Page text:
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Continuous Testing: What Exactly is It?

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Continuous Testing: What Exactly is It?

Learn about the basics of continuous testing and automation, what those tests look like, and why its useful for software development.

· Agile Zone
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The aptly named DevOps practice of Continuous Testing synchronizes Testing/QA with Dev and Ops processes optimized to achieve business and development goals.

A few years ago when Agile was all the rage, lightning-fast Dev sprints left the Ops and QA personnel playing catch-up due to inadequate and sluggish testing practices with minimal coverage across frequent builds.

The widespread culture of Agile development has accelerated development while software testing still lags behind, forcing organizations to cut corners in QA or slow down Dev processes entirely.

Instead of speeding up the conveyor belt beyond control or slowing down development to kill efficiencies, Continuous Testing in DevOps encourages a systematic approach toward process improvement.

Continuous Testing goes beyond automation and encompasses all practices — including tooling and cultural change — that help mitigate risks before progressing to subsequent Software Development Lifecycle stages.

Continuous testing and Automation

The approach to Continuous Testing can vary and follow diverse pathways to ensure the best user experience is delivered, free of defects.

It’s barely viable to repeat all tests every time a new feature is added, so the Continuous Testing strategy fosters a company-wide cultural change to achieve four capabilities: Test early, test faster, test often and automate.

End-to-end test automation practices are intended to integrate QA into existing fast-paced Dev and Ops processes as a means to create continuity while maintaining faster development cycles.

It’s important to understand the role of automation in Continuous Testing. Automation alone does not enable continuity in testing, but it helps provide a qualitative assessment of risk and practice actionable tasks to mitigate these risks throughout the SDLC.

In essence, automated testing constitutes the detection process for software issues and defect prevention, whereas Continuous Testing addresses the wider challenge of improving the effectiveness of these detection sensors.

What does Continuous Testing Look Like

This example demonstrates how collaboration, automation and tooling enable end-to-end testing that’s performed faster, more often and better aligned with Agile Dev and Ops practices.

Continuous Testing starts within development processes as Devs use open source tools such as Selenium to test the functionality of their code.

Tools such as GitHub or other internal repositories can then be used to store tests and version together with the software code. DevOps teams can use the same tests to integrate frequent builds of the software with the Load Impact API.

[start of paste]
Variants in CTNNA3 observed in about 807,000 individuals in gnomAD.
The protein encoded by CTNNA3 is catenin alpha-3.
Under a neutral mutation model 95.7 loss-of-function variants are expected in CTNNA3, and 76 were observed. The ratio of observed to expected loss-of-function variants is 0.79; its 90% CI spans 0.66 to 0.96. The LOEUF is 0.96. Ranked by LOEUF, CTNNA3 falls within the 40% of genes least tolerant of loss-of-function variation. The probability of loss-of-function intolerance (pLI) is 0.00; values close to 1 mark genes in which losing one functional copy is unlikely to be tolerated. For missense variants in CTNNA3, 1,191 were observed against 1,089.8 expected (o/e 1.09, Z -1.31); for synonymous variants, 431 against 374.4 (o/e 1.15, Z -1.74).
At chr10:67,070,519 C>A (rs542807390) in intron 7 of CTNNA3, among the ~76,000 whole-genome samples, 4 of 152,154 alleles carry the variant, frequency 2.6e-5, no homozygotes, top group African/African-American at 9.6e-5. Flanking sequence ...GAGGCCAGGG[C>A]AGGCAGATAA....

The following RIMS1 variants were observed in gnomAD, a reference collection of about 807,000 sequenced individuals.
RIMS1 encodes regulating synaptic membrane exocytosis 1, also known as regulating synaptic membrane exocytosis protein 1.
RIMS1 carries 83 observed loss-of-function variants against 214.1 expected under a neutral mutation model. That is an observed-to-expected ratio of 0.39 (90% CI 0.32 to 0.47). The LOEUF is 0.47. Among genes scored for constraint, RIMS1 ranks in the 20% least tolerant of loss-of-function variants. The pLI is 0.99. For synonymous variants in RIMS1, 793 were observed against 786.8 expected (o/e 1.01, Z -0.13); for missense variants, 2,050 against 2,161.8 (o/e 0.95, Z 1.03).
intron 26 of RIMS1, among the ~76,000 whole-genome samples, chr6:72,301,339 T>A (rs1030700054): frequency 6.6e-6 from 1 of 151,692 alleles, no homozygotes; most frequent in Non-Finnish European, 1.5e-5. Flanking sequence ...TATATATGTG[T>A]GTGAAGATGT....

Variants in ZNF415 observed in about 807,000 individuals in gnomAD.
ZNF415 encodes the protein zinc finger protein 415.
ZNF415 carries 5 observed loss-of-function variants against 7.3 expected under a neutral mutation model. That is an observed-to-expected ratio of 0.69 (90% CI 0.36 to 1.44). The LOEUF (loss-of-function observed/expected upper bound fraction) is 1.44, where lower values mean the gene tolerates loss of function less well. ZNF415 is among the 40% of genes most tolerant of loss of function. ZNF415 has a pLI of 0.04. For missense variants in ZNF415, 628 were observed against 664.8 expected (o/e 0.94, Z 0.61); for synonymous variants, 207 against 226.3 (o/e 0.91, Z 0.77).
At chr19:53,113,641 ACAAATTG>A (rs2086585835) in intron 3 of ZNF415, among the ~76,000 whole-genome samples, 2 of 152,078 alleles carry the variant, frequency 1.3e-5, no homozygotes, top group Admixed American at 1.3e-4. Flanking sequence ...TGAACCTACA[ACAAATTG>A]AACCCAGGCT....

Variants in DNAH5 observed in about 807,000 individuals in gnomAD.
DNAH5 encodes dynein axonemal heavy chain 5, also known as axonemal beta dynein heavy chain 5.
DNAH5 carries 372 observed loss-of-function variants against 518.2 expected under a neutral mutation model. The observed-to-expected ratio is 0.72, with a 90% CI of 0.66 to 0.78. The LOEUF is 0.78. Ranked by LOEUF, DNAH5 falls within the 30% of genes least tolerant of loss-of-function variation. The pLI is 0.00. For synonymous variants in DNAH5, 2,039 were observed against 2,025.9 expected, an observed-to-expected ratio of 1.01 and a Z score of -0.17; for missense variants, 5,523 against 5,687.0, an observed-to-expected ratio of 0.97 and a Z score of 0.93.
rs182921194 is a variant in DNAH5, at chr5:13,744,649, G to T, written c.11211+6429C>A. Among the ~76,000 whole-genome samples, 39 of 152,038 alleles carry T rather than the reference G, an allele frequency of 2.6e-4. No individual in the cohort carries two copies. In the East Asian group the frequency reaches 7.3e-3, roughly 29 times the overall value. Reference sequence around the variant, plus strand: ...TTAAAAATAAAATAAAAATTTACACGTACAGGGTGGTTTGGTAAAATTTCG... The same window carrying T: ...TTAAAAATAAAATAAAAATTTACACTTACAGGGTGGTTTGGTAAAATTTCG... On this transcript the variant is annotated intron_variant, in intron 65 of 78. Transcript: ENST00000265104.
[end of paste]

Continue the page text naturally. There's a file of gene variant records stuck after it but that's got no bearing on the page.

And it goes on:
Once the code reaches preproduction, dedicated QA teams can use these tests by modifying dynamic test parameters as appropriate. In the production environment, Ops can reuse these tests for acceptance testing and ongoing post production monitoring.

Once the application goes live, integration with existing APM tools help keep tabs on server-side app metrics.

Continuous Testing in this example is broken up into at least four environments: Development environment, Continuous Integration environment, QA Pre-production and Performance testing environment, and the Staging environment. Additional post-live monitoring further enable end-to-end continuous testing.

Key Elements of Continuous Testing

Parasoft, a global software solutions company, is one of the great thought leaders in DevOps and Continuous Testing. The company has laid out some key elements of the process in a fantastic ebook, and they're definitely worth sharing here:

Risk Assessment: Covers risk mitigation tasks, technical debt, quality assessment and test coverage optimization to ensure the build is ready to progress toward next SDLC stage.

Policy Analysis: Ensure all processes align with the organization’s evolving business and compliance demands. Primary objectives include:

  • Identifying trends associated with injection of dangerous patterns within the code
  • Augmenting defect prevention practices for high risk areas
  • Isolating risk in target areas

Requirements Traceability: Ensure true requirements are met and rework is not required. An object assessment to identify which requirements are at risk, working as expected or require further validation.

Advanced Analysis: Using automation in areas such as static code analysis, change impact analysis and scope assessment/prioritization to prevent defects in the first place and accomplishing more within each iteration.

Test Optimization: Ensure tests yield accurate outcomes and provide actionable findings. Aspects include Test Data Management, Test Optimization Management and Test Maintenance.

Service Virtualization: Early, frequent and everywhere testing requires access to real-world testing environments. Service visualization enables access to the virtual form of the required testing stages, cutting the waste time to test environment setup and availability.

An effective Continuous Testing strategy incorporates all of these elements and forces an organization-wide cultural change to synchronize Dev, Ops and QA/Testing as part of the true DevOps philosophy.

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Topics:
agile ,devops ,api ,test automation ,automated testing ,load impact ,devops culture ,continuous testing

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